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Everything I ever wanted to know about plastics, but was afraid to ask

I recently finished reading the book, Plastic, A Toxic Love Story, by Susan Freinkel. It was an eye opener for me. Plastic is something I've just not wanted to get into. Over the past few years, don't get me wrong, I've worked hard to eliminate many plastics from our lives. But its ubiquitousness can be exhausting. You find out on a regular basis how many far-fetched things have plastic in them. Metal food cans. Chewing gum, for crying out loud!

Plastic, A Toxic Love Story examines seven common plastic items: plastic lawn chair, comb, disposable lighter, grocery bag, IV bag, water bottle and Frisbee. And through that lens, taught me everything I want to know about plastics. I learned about the various resins, and why what works for a yogurt cup won't work for a fizzy-pop bottle. I learned that most credit and gift cards are made of PVC (boo! hiss! evil PVC!). As are IV bags. Gulp (note to self: try not to be hospitalized). I gained a grudging acceptance of the future of bioplastics. Quite simply, this book tells the interesting and engaging stories behind the lifecycles of these common plastic items, and the sometimes surprising ways humans and other animals interact with them. And accidentally become 'a little bit plastic.'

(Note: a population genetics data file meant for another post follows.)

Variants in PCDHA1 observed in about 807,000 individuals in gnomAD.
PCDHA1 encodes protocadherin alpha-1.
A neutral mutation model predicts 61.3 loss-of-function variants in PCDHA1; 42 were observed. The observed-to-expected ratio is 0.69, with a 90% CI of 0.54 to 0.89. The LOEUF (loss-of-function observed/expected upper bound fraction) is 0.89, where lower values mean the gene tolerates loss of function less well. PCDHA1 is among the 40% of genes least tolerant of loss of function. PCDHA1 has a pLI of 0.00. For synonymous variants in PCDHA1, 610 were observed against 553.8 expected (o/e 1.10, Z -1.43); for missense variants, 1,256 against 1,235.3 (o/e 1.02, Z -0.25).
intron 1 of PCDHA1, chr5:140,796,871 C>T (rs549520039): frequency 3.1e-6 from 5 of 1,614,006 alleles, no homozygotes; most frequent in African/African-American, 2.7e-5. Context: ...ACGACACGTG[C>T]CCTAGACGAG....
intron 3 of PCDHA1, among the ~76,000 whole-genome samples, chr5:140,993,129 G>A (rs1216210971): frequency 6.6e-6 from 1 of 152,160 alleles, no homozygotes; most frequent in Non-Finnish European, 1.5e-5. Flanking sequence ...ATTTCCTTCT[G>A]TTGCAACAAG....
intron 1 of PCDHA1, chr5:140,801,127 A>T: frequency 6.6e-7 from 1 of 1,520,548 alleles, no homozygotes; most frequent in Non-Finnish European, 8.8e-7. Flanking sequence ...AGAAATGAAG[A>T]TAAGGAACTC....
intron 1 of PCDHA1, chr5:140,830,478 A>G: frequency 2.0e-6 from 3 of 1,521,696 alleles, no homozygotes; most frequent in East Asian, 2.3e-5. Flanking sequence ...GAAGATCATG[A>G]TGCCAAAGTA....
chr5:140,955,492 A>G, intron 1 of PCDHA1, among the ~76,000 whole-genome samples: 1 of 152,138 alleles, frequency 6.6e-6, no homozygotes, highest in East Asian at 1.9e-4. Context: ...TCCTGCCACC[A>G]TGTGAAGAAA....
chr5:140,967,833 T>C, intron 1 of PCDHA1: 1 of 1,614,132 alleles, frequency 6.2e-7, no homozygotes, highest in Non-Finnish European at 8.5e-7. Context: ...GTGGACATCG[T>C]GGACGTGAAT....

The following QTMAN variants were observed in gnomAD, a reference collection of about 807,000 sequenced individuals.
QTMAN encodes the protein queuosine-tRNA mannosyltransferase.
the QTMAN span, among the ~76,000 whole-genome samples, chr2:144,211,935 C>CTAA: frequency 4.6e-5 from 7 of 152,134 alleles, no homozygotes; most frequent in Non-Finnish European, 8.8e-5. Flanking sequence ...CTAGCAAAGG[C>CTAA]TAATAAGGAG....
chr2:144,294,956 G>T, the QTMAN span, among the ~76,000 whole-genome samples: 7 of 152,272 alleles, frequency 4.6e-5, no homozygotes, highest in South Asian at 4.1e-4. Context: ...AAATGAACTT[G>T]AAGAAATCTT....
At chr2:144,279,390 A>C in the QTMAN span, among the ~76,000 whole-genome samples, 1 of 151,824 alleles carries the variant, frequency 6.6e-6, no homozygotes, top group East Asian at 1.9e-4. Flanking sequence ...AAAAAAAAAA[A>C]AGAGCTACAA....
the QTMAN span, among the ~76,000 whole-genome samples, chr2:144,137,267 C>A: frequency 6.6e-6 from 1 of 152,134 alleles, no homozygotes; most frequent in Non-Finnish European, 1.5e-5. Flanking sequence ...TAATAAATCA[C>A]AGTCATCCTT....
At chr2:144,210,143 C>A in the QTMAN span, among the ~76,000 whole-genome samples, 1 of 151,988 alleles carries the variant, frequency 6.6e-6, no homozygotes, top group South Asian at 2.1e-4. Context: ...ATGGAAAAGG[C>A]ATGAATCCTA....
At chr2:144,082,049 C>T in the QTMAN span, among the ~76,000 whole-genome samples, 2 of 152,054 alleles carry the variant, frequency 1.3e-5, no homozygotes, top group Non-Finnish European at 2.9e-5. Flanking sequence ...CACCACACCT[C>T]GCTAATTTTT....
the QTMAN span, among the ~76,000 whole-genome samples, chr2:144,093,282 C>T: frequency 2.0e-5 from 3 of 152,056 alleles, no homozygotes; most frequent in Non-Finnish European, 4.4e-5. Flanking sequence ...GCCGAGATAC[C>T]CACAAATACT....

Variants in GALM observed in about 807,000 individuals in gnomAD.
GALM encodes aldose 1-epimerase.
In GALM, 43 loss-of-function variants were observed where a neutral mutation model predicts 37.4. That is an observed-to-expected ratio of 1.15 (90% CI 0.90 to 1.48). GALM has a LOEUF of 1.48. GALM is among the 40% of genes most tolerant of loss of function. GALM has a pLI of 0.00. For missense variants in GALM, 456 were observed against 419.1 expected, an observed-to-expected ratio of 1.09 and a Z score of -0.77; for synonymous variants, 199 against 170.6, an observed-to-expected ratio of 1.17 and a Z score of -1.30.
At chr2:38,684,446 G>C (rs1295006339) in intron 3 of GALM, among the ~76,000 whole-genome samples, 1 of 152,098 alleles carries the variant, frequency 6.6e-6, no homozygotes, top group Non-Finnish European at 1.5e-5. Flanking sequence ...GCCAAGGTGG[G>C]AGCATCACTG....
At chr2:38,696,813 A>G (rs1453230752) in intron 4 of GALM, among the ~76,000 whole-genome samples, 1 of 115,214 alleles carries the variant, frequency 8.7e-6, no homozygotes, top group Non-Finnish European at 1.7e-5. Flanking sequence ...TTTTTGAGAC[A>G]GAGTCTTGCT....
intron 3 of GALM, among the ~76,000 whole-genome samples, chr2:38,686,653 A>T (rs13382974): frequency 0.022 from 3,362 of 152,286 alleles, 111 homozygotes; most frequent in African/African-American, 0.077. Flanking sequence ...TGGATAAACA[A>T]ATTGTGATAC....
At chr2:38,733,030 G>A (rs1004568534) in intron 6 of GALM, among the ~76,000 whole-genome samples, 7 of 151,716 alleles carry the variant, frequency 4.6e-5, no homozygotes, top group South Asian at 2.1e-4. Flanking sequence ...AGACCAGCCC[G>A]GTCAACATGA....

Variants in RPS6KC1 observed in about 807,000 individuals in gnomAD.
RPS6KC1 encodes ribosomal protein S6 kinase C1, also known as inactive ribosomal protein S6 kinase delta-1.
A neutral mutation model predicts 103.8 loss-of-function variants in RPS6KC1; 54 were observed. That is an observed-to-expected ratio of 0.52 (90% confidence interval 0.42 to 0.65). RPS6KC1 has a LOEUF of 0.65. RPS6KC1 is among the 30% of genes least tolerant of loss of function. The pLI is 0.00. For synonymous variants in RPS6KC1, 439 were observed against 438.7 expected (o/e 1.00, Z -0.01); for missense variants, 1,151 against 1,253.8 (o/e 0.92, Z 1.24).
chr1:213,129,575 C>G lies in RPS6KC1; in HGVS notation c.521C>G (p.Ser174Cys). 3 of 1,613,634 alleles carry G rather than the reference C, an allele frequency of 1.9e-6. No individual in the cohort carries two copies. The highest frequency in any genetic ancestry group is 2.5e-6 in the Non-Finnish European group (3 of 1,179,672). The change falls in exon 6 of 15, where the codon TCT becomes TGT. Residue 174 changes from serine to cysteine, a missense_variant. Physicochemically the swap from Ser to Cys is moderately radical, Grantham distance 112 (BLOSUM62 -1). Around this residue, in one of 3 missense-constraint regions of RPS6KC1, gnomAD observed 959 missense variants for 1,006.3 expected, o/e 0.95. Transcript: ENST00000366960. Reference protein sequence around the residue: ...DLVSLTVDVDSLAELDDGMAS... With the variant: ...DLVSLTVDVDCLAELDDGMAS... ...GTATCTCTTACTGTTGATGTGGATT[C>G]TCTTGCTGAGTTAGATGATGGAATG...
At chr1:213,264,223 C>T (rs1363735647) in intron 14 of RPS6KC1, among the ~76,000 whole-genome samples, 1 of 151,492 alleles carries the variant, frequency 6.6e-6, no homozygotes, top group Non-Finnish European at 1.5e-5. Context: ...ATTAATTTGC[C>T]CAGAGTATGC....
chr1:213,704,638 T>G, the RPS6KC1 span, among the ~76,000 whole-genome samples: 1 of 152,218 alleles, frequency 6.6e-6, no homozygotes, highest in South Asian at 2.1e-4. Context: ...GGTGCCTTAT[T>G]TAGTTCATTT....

If you are like me, and don't know much about plastics, and glaze over when talk of the chemical building blocks of plastics come up, this is the book for you. Do I sound like I'm doing a third grade book report speech? I hope so. One gripe: in the chapter on the plastic 'monobloc' chair I would have liked some pictures of the earlier plastic chairs designed by Panton and Starck (Louis Ghost). They were easy enough to Google, but still. Except for the cover, this book has no pictures. Overall, I enjoyed this book, and highly recommend it if you're just getting started on your understanding of the complex business of plastics.


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